Site of a Roman barrow with prehistoric origins discovered circa 1596 and excavated in 1844 and 1954. Finds include prehistoric pottery sherds, inhumations, cremations, amphorae, iron nails, a wooden and a lead coffin, a sella castrensis, a wooden bier and a Roman coin. The burials date from AD 200 to AD 250. The barrow has now been destroyed. 14 post holes forming a square enclosure around the barrow suggests a temporary shelter was erected over the grave.
TQ 6982 6269: Tumulus [NR] (1)
Holborough Knob - Roman barrow, 18 feet high and over 100 feet diameter. Surrounded by a ditch, 10-13 feet wide and 27 feet deep. A Mr Tylghman excavating (circa 1596) found "an earthen pot filled with ashes" (a) and Thomas Wright excavating in 1844 cut a trench through the centre of the mound and found a floor of fine earth with a thin coating of wood ash, some long nails, potsherds and a Roman brooch which was thought to be the site of a funeral pyre. Re-excavated 1954, barrow and ditch being completely excavated. Tile fragments, two sherds of prehistoric pottery and Roman potsherds came from the core of the barrow and obviously came from scrapings of the surrounding surface.
A piece of grey ware came from the bottom of the ditch and other fragments from the chalk filling.
In the central area of the barrow the main burial and 3 ritual pits were found undisturbed. A grave cut in the chalk had contained a simple wooden coffin, now decayed and measuring 6 feet 9 inches long but only 5 inches deep. Iron nails were still in situ. The coffin had contained many iron nails, wood ash, and calcined human bones. Above the burial was a domed mound of puddled chalk. Thus we have a cremation burial in an inhumation setting, suggesting a Christian approach to a pagan ceremonial. To the north of the grave was a mass of potsherds representing five amphorae, deliberately broken, a number of iron nails and fragments of glass, the whole firestained; deposits of a resinous substance suggested the residue of a libation of wine or oil. A square enclosure, 16 feet x 15 feet, consisting of 14 post holes, suggested a temporary hut or shelter over the grave. One of the ritual pits contained the remains of a folding chair (sella castrensis), iron nails, wood ash. The second pit contained wood ash, burnt potsherds and calcined bones. The third pit contained a Roman coin (of Antonius Pius), wood ash, fragments of a human cremation; and was suggested as the final "sweepings" from the funeral pyre. The coin, with funeral pyre on the obverse, was thought to be a ritual offering and of no use as dating evidence.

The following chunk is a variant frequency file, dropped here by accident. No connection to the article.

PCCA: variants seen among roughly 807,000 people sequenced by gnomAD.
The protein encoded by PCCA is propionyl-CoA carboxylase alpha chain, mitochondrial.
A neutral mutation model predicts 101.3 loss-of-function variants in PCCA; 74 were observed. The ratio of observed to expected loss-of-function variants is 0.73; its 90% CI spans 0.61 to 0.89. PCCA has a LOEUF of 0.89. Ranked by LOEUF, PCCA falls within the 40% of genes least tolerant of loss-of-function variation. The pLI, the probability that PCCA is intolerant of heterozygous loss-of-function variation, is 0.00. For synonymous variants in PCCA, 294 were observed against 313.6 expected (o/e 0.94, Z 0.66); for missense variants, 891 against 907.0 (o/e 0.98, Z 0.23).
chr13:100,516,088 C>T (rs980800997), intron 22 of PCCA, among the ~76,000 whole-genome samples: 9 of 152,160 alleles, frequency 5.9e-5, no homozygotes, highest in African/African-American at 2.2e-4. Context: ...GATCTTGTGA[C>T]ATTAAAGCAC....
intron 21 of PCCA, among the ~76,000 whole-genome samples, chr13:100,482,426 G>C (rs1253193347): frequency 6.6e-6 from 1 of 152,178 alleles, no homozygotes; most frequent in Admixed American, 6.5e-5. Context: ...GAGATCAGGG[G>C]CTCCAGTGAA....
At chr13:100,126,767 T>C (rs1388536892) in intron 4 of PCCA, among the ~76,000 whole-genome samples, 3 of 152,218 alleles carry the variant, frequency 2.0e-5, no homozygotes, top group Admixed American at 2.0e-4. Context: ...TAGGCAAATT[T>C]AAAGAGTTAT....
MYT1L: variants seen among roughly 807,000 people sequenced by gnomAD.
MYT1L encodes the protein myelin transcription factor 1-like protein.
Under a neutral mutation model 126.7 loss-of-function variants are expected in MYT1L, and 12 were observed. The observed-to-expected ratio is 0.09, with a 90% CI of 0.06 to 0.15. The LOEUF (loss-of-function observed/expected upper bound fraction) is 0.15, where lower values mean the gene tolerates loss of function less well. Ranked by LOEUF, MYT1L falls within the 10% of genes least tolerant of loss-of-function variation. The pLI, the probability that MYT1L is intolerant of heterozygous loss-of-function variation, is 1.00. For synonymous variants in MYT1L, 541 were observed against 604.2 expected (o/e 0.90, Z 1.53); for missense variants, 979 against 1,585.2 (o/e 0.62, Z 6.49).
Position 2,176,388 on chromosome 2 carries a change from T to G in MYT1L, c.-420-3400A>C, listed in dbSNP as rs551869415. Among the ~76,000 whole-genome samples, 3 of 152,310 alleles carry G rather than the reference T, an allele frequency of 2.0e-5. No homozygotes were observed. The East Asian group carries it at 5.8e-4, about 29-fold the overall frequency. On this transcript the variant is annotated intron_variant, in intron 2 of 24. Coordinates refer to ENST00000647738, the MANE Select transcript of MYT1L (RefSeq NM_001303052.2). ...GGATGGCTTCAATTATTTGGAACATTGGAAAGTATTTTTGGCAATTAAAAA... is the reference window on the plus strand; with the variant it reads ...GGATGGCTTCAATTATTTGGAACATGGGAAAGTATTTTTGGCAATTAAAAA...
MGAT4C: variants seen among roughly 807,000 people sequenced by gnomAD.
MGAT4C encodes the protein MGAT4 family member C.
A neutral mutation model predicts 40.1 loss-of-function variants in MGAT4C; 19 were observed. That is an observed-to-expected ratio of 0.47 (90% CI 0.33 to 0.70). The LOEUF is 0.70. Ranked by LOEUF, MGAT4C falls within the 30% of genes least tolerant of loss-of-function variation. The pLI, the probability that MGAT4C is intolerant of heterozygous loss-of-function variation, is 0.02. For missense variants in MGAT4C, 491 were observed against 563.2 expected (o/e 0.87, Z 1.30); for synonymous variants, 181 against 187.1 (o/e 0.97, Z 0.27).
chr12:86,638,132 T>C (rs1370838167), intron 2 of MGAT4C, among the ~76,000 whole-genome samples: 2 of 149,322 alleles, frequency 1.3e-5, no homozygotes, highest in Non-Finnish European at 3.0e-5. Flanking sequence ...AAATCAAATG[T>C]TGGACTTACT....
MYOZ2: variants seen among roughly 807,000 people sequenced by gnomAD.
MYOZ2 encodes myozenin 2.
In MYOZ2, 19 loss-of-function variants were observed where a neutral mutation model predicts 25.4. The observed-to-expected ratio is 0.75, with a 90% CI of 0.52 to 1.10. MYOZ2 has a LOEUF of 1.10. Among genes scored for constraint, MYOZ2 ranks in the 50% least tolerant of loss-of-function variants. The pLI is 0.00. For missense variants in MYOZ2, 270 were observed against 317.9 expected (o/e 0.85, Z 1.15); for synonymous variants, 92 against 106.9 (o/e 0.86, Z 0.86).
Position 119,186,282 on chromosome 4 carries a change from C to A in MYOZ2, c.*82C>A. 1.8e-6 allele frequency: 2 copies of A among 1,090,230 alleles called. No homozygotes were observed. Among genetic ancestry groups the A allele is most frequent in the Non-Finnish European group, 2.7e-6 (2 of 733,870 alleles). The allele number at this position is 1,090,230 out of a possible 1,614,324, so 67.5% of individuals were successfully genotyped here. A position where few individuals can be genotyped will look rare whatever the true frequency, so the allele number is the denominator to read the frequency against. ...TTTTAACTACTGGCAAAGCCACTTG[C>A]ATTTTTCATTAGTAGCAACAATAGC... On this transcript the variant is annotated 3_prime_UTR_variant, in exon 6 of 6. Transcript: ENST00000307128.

In the south east quadrant of the barrow was found a secondary burial consisting of the inhumation of a child in a decorated lead coffin. Included in the grave was the remains of what appeared to be a wooden bier. The pottery dates the barrow to the first quarter of the 3rd century and the secondary burial is placed in the first half of the 3rd century. [See AO/59/146/6-8] [Report includes a full study of the finds.] (2)
Report of earlier excavation. (3)
General article on Roman barrows, including Holborough. (4)
History of site and report of earlier excavations. (5)
Brief report. 1954 excavation. (6)
This barrow has now been completely quarried away. The Antiquity model has been amended. Finds on display at Maidstone Museum. (7)
At Holborough, the body may have been burnt in situ. Nothing of this kind is noted in other Roman cemeteries or graves in this region apart from Beckfoot (Bribra). (8)
Additional bibliography. (9-14)
( 1) Ordnance Survey Map (Scale / Date) OS 6" 1939
( 2a) William Lambarde; with an introduction by Richard Church 1970 A perambulation of Kent First published 1576 (W Lambarde) Page(s)407
( 2) Kent Archaeological Society Archaeologia Cantiana : being contributions to the history and archaeology of Kent 1954 plans and illustrations (RF Jessup NC Cook and JMC Toynbee) 68 Page(s)1-61
( 3) Externally held archive reference Wanderings of an Antiquary 1854 183-9 (T Wright) Page(s)183-9
( 4) The Antiquary: a magazine devoted to the study of the past 1936 (GC Dunning and RF Jessup) 10 Page(s)37-53
( 5) Kent Archaeological Society Archaeologia Cantiana : being contributions to the history and archaeology of Kent 1945 (RF Jessup) 58 Page(s)68-72
( 6) Society for Promotion of Roman Studies The journal of Roman studies 1954 illustrated 44 Page(s)101-2
( 7) Field Investigators Comments F1 CFW 30-JUN-1959
( 8) 1984 Archaeologia Aeliana, fifth series, volume XII. Arch Ael 5th series 12 1984 21 (DB Charlton and M Mitcheson)
( 9) Journal of the British Archaeological Association JBAA 3 1959 22 6 (RF Jessup)
(10) General reference JRS 44 1954 101-2 plan photo
(11) General reference SE England 1970 199 illust photo (RF Jessup)
(12) by Martin Henig 1984 Religion in Roman Britain Rel in Ro Brit 1984 202 photo (M Herrig)
(13) The Antiquaries journal : journal of the Society of Antiquaries of London Ant J 45 1965 22-52 (PJ Fowler)
(14) edited by William Page 1932 The Victoria history of the county of Kent, volume three The Victoria history of the counties of England VCH Kent 3 1932 168